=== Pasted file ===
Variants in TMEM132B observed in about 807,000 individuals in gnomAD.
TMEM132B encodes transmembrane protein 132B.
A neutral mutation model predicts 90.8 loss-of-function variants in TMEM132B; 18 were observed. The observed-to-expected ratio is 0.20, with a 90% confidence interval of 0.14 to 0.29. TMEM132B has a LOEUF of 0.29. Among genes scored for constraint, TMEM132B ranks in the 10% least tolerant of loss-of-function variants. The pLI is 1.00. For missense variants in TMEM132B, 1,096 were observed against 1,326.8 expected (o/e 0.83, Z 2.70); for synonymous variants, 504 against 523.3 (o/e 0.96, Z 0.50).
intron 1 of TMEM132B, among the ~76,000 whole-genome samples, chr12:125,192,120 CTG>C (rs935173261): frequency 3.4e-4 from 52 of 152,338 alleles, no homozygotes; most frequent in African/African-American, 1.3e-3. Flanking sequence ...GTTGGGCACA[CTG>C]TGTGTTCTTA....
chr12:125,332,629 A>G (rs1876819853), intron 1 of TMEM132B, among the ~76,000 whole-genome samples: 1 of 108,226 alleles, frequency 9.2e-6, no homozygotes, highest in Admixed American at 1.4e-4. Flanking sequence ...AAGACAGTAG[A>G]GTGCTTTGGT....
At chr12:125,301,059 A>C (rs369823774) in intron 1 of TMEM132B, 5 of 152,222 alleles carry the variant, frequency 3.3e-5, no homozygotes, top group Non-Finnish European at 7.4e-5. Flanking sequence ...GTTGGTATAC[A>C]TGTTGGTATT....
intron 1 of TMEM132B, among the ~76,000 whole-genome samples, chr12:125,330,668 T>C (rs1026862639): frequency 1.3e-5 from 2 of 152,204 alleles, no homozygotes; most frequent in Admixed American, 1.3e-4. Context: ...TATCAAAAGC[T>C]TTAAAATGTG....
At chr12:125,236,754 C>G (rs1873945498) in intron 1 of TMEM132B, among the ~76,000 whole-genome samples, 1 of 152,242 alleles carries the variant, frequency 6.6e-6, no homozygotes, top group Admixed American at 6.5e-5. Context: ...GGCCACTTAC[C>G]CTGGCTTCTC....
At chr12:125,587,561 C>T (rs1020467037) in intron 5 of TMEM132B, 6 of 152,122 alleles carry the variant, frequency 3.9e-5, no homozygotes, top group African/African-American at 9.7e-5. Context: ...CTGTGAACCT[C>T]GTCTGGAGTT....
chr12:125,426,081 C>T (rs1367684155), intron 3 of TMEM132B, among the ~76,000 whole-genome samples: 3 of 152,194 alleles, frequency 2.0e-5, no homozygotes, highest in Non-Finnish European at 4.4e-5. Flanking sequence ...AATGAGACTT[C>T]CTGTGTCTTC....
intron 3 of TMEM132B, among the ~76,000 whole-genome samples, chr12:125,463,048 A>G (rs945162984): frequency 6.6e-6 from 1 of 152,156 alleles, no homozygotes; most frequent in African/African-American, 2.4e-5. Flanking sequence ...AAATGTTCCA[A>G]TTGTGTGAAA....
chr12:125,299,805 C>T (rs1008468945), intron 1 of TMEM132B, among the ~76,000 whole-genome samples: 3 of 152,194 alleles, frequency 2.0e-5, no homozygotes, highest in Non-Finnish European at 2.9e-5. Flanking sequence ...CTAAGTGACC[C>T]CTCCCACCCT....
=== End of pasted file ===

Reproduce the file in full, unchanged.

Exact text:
Variants in TMEM132B observed in about 807,000 individuals in gnomAD.
TMEM132B encodes transmembrane protein 132B.
A neutral mutation model predicts 90.8 loss-of-function variants in TMEM132B; 18 were observed. The observed-to-expected ratio is 0.20, with a 90% confidence interval of 0.14 to 0.29. TMEM132B has a LOEUF of 0.29. Among genes scored for constraint, TMEM132B ranks in the 10% least tolerant of loss-of-function variants. The pLI is 1.00. For missense variants in TMEM132B, 1,096 were observed against 1,326.8 expected (o/e 0.83, Z 2.70); for synonymous variants, 504 against 523.3 (o/e 0.96, Z 0.50).
intron 1 of TMEM132B, among the ~76,000 whole-genome samples, chr12:125,192,120 CTG>C (rs935173261): frequency 3.4e-4 from 52 of 152,338 alleles, no homozygotes; most frequent in African/African-American, 1.3e-3. Flanking sequence ...GTTGGGCACA[CTG>C]TGTGTTCTTA....
chr12:125,332,629 A>G (rs1876819853), intron 1 of TMEM132B, among the ~76,000 whole-genome samples: 1 of 108,226 alleles, frequency 9.2e-6, no homozygotes, highest in Admixed American at 1.4e-4. Flanking sequence ...AAGACAGTAG[A>G]GTGCTTTGGT....
At chr12:125,301,059 A>C (rs369823774) in intron 1 of TMEM132B, 5 of 152,222 alleles carry the variant, frequency 3.3e-5, no homozygotes, top group Non-Finnish European at 7.4e-5. Flanking sequence ...GTTGGTATAC[A>C]TGTTGGTATT....
intron 1 of TMEM132B, among the ~76,000 whole-genome samples, chr12:125,330,668 T>C (rs1026862639): frequency 1.3e-5 from 2 of 152,204 alleles, no homozygotes; most frequent in Admixed American, 1.3e-4. Context: ...TATCAAAAGC[T>C]TTAAAATGTG....
At chr12:125,236,754 C>G (rs1873945498) in intron 1 of TMEM132B, among the ~76,000 whole-genome samples, 1 of 152,242 alleles carries the variant, frequency 6.6e-6, no homozygotes, top group Admixed American at 6.5e-5. Context: ...GGCCACTTAC[C>G]CTGGCTTCTC....
At chr12:125,587,561 C>T (rs1020467037) in intron 5 of TMEM132B, 6 of 152,122 alleles carry the variant, frequency 3.9e-5, no homozygotes, top group African/African-American at 9.7e-5. Context: ...CTGTGAACCT[C>T]GTCTGGAGTT....
chr12:125,426,081 C>T (rs1367684155), intron 3 of TMEM132B, among the ~76,000 whole-genome samples: 3 of 152,194 alleles, frequency 2.0e-5, no homozygotes, highest in Non-Finnish European at 4.4e-5. Flanking sequence ...AATGAGACTT[C>T]CTGTGTCTTC....
intron 3 of TMEM132B, among the ~76,000 whole-genome samples, chr12:125,463,048 A>G (rs945162984): frequency 6.6e-6 from 1 of 152,156 alleles, no homozygotes; most frequent in African/African-American, 2.4e-5. Flanking sequence ...AAATGTTCCA[A>G]TTGTGTGAAA....
chr12:125,299,805 C>T (rs1008468945), intron 1 of TMEM132B, among the ~76,000 whole-genome samples: 3 of 152,194 alleles, frequency 2.0e-5, no homozygotes, highest in Non-Finnish European at 2.9e-5. Flanking sequence ...CTAAGTGACC[C>T]CTCCCACCCT....